(CN) – Disco icons KC & the Sunshine Band must face a copyright infringement lawsuit from the estate of its former horn player, the 11th Circuit ruled.
Ronald Louis “Ronnie” Smith was a member of KC & the Sunshine Band, the disco supergroup whose hits included “Get Down Tonight,” “That’s The Way I Like It” and “Shake Your Booty.”
Smith also wrote a song called “Spank,” which was a hit in the late 1970s for Jimmie “Bo” Horne.
According to a lawsuit filed by his son, Ronald Louis Smith Jr., neither Smith nor Sunshine Records signed a songwriter’s contract that would assign his rights to the song in exchange for royalties.
Instead, Harrick Music, a publishing company affiliated with Sunshine, registered a copyright for “Spank.” Smith terminated his relationship with Sunshine Records in 1980, but the release he signed did not mention who owned the copyright to the song.
More than 30 years later, Smith’s legal counsel sent a cease-and-desist letter to Harrick, revoking its authority to administer the “Spank” copyright.
Smith died in 2012 at the age of 59. He had been comatose for the last eight years of his life after a carjacking.
His son filed the copyright infringement and breach of contract lawsuit against KC & The Sunshine Band, Harry Wayne Casey (“KC”), Sunshine Sound Entertainment Inc., Horne, Harrick Music and Joy Productions.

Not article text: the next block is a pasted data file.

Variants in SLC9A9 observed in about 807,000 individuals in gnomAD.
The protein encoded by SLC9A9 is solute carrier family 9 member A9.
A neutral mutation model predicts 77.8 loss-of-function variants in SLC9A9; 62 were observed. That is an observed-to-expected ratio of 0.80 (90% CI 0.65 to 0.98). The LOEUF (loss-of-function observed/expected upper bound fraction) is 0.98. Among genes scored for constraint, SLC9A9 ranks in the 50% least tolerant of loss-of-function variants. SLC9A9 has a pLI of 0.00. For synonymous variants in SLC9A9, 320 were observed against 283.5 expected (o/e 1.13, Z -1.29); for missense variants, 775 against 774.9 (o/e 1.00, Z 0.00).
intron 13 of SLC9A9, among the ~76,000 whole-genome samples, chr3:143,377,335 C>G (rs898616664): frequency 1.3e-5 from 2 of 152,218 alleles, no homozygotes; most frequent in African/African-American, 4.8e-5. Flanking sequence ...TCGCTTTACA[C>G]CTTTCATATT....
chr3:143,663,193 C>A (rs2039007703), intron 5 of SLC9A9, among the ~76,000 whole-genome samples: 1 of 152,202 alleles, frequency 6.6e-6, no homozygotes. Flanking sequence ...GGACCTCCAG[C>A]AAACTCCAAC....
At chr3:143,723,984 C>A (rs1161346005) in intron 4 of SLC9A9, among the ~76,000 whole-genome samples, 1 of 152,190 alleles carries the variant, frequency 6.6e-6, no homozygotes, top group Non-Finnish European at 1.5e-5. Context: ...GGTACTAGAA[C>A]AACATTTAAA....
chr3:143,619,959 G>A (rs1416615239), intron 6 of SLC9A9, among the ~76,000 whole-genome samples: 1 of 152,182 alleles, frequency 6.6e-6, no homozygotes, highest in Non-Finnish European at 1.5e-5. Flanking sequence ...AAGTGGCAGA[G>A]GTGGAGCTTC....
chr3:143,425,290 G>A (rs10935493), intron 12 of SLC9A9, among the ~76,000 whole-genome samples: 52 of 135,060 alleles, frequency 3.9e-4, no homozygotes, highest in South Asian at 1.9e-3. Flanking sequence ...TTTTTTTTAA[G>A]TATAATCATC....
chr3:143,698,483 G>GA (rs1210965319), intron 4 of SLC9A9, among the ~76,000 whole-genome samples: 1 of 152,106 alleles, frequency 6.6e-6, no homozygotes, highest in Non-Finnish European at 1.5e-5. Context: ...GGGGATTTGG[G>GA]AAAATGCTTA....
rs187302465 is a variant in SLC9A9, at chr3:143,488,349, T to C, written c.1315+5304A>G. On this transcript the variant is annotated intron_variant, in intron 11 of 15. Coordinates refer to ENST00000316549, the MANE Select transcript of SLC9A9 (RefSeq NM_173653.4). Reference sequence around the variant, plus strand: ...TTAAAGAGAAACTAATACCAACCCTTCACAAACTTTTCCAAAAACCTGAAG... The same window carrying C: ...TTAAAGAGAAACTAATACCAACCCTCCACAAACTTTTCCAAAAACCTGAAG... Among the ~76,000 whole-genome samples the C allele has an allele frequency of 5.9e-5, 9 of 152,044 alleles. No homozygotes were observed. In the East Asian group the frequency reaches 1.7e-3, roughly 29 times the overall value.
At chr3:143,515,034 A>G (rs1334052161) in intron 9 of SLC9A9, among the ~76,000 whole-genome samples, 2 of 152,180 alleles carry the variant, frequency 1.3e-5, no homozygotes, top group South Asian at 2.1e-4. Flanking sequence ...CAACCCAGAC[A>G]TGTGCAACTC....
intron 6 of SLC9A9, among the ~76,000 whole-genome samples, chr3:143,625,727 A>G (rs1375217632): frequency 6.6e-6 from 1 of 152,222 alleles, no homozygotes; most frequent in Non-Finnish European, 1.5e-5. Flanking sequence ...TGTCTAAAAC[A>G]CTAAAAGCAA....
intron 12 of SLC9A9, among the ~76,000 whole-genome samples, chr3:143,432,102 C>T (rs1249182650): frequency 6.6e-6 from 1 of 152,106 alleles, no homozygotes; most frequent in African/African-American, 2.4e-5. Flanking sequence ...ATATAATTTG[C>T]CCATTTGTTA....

The lawsuit dealt not only with “Spank” but with Smith’s 1978 solo album, “Party Freaks Come On.”
A federal judge in Miami dismissed the lawsuit for lack of standing, but the 11th Circuit reversed Wednesday.
“Harrick Music registered a claim to copyright in the ‘Spank’ composition, specifically identifying Smith as the composer and informing the Copyright Office the work was not made for hire. Nothing in Section 411 (a) (of the Copyright Act) indicates that a composer who has agreed to assign his legal interest in a composition, along with the right to register it, in exchange for royalties, may not rely on the registration his assignee files,” Judge Phyllis Kravitch wrote for the court.
“Where a publisher has registered a claim to copyright in a work not for hire, we conclude the beneficial owner has statutory standing to sue for infringement,” she added, remanding the case for further action.
The court agreed nevertheless affirmed that Smith was premature in suing for a declaration on validity of his copyright termination notices, which will not be legally effective until August 2014 at the earliest.
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